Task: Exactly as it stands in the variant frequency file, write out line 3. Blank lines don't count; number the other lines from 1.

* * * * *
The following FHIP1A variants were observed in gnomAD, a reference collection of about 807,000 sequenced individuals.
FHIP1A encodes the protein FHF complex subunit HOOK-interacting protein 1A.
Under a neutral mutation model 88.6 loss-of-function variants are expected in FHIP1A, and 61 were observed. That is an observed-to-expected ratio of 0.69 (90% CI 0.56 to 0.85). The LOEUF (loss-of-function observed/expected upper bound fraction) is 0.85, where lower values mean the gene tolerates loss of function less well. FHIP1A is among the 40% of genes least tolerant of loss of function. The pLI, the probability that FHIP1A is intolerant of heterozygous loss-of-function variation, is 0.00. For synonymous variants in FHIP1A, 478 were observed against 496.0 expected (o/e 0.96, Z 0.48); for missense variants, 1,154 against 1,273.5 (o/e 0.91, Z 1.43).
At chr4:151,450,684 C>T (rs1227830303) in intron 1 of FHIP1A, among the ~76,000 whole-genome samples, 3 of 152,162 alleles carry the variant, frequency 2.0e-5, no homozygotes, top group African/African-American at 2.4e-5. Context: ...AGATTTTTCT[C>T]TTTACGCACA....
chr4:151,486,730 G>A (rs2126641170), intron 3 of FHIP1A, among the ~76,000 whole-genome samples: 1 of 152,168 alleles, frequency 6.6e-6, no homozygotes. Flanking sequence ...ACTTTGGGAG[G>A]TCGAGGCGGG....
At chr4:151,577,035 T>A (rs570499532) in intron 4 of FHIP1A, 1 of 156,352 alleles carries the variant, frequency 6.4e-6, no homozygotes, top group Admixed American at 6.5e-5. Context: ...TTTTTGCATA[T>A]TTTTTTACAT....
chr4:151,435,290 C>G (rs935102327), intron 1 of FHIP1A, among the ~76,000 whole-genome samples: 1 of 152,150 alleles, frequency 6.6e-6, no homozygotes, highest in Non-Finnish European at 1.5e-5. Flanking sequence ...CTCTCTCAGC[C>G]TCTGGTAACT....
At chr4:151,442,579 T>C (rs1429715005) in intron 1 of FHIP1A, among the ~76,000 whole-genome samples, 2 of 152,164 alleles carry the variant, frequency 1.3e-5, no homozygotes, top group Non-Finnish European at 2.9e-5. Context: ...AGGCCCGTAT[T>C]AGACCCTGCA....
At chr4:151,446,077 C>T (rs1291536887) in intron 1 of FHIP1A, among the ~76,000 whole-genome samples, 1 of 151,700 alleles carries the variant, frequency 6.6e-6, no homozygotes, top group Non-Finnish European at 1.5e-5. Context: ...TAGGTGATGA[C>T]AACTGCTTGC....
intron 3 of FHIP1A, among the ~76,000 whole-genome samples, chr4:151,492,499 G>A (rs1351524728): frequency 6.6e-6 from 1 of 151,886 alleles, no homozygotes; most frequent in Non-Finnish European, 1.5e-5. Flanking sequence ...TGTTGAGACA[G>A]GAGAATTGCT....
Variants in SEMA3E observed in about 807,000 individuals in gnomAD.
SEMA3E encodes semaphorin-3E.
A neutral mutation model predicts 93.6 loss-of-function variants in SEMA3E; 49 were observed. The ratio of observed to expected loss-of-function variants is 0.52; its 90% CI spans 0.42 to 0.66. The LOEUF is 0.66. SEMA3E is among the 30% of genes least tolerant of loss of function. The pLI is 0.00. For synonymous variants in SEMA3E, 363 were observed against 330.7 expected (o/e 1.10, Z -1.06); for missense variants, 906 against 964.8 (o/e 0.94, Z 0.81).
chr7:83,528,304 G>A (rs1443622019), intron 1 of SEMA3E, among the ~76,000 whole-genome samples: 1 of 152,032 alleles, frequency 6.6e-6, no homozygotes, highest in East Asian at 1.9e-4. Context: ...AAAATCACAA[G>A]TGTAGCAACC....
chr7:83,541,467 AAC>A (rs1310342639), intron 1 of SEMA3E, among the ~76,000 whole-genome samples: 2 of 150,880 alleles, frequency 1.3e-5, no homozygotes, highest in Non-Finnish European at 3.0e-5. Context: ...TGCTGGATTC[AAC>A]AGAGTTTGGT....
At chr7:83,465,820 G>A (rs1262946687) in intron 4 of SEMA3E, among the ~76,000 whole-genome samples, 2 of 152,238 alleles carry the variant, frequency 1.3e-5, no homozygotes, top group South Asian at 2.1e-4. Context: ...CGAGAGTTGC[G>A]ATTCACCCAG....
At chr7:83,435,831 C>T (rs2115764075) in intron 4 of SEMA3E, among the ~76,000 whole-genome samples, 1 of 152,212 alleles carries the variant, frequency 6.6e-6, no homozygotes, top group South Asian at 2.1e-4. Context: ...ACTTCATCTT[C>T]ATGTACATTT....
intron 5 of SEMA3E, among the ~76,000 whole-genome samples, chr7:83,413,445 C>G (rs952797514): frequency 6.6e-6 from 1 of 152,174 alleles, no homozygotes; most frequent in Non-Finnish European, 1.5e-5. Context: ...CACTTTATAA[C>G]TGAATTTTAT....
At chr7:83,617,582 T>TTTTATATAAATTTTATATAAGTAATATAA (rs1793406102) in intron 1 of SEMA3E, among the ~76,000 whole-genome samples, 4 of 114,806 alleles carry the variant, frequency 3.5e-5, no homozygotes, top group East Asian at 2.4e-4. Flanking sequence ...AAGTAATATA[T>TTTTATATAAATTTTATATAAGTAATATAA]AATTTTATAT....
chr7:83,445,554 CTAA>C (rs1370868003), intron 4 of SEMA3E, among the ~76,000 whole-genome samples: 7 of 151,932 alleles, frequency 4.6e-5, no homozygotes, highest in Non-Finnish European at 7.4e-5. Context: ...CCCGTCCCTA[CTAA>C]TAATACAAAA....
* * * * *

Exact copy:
Under a neutral mutation model 88.6 loss-of-function variants are expected in FHIP1A, and 61 were observed. That is an observed-to-expected ratio of 0.69 (90% CI 0.56 to 0.85). The LOEUF (loss-of-function observed/expected upper bound fraction) is 0.85, where lower values mean the gene tolerates loss of function less well. FHIP1A is among the 40% of genes least tolerant of loss of function. The pLI, the probability that FHIP1A is intolerant of heterozygous loss-of-function variation, is 0.00. For synonymous variants in FHIP1A, 478 were observed against 496.0 expected (o/e 0.96, Z 0.48); for missense variants, 1,154 against 1,273.5 (o/e 0.91, Z 1.43).